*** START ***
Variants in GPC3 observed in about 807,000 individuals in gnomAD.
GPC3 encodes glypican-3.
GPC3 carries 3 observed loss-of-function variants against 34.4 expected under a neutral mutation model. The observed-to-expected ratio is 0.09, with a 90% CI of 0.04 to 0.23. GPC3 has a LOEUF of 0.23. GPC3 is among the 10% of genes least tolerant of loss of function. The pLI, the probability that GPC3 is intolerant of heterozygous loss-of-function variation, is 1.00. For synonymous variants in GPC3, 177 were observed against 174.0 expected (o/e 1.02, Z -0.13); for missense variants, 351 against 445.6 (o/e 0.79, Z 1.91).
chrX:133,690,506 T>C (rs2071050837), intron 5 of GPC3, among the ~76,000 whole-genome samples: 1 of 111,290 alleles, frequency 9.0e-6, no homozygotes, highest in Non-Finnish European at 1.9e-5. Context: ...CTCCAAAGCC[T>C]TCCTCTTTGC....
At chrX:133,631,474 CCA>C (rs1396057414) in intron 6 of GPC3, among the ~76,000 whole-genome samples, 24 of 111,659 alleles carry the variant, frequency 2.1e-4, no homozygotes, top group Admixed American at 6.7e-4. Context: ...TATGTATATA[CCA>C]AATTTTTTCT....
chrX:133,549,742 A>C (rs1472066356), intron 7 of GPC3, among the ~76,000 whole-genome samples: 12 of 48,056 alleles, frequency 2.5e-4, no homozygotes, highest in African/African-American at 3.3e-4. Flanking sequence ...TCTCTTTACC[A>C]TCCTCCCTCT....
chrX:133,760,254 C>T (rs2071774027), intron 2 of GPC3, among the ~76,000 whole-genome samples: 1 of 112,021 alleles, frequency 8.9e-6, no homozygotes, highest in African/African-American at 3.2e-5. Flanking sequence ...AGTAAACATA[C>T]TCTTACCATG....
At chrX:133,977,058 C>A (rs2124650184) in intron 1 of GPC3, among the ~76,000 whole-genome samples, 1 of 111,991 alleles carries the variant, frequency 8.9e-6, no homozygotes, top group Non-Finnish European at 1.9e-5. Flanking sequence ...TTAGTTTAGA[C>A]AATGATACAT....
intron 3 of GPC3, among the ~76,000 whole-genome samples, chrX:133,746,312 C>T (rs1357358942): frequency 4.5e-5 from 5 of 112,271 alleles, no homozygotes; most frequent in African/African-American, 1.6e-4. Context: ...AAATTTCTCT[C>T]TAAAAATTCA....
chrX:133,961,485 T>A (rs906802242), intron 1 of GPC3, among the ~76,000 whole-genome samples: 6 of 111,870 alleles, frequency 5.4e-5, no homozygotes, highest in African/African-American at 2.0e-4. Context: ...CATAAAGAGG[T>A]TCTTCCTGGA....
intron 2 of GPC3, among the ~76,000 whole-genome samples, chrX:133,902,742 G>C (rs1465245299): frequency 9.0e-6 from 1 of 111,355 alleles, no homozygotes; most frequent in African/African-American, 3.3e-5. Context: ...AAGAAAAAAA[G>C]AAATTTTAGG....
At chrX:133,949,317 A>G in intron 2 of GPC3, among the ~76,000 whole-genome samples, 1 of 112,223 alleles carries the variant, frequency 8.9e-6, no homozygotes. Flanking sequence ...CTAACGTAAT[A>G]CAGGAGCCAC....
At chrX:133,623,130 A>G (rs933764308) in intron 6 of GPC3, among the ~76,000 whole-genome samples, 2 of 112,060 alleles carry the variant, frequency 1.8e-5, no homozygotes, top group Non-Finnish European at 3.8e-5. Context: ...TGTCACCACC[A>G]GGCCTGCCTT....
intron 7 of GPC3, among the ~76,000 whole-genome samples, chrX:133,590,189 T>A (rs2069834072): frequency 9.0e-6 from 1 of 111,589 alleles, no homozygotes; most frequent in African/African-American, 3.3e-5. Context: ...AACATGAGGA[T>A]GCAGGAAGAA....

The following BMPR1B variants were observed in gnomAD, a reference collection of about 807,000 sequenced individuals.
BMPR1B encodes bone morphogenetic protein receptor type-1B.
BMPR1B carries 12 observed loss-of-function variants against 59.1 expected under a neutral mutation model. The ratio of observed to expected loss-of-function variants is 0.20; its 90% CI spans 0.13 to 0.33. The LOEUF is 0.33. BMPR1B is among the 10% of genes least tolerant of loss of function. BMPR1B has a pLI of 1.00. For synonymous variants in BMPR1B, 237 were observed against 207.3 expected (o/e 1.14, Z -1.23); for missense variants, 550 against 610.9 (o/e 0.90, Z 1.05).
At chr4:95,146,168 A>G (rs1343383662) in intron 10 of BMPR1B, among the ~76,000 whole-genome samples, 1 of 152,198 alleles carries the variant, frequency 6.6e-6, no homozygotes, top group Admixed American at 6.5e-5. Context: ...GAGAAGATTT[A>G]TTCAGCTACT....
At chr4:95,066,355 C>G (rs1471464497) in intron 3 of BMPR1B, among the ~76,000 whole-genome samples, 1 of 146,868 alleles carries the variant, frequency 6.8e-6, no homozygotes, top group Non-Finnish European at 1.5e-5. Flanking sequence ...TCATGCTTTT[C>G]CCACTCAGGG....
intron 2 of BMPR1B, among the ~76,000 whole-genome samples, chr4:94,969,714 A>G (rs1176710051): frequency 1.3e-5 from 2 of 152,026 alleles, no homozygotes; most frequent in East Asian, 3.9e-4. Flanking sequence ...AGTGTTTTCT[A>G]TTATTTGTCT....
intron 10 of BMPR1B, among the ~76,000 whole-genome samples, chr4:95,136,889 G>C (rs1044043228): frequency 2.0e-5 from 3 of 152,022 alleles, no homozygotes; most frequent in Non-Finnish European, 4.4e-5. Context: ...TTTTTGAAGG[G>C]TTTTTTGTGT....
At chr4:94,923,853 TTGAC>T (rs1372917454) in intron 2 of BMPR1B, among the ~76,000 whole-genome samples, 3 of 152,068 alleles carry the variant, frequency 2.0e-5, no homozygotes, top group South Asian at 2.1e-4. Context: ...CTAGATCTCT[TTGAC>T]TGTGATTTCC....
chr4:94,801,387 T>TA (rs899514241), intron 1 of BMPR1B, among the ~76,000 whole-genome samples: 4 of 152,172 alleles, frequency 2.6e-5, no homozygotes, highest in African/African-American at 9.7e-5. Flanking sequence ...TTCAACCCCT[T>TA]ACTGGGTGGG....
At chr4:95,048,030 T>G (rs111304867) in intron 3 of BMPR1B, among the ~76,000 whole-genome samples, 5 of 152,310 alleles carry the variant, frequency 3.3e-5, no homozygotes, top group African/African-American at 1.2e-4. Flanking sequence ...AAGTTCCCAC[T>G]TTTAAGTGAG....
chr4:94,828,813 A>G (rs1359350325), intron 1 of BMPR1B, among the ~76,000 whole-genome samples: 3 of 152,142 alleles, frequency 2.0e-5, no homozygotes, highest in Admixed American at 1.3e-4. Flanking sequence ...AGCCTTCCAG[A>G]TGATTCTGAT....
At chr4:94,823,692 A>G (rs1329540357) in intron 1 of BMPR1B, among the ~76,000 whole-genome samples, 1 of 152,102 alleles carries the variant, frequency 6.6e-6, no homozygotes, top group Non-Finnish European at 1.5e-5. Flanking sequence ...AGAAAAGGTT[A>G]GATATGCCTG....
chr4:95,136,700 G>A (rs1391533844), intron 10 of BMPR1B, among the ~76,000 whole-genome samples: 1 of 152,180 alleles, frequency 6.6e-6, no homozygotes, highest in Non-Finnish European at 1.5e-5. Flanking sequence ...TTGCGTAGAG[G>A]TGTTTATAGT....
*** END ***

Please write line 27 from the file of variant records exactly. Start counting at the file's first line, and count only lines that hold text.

chr4:95,136,700 G>A (rs1391533844), intron 10 of BMPR1B, among the ~76,000 whole-genome samples: 1 of 152,180 alleles, frequency 6.6e-6, no homozygotes, highest in Non-Finnish European at 1.5e-5. Flanking sequence ...TTGCGTAGAG[G>A]TGTTTATAGT....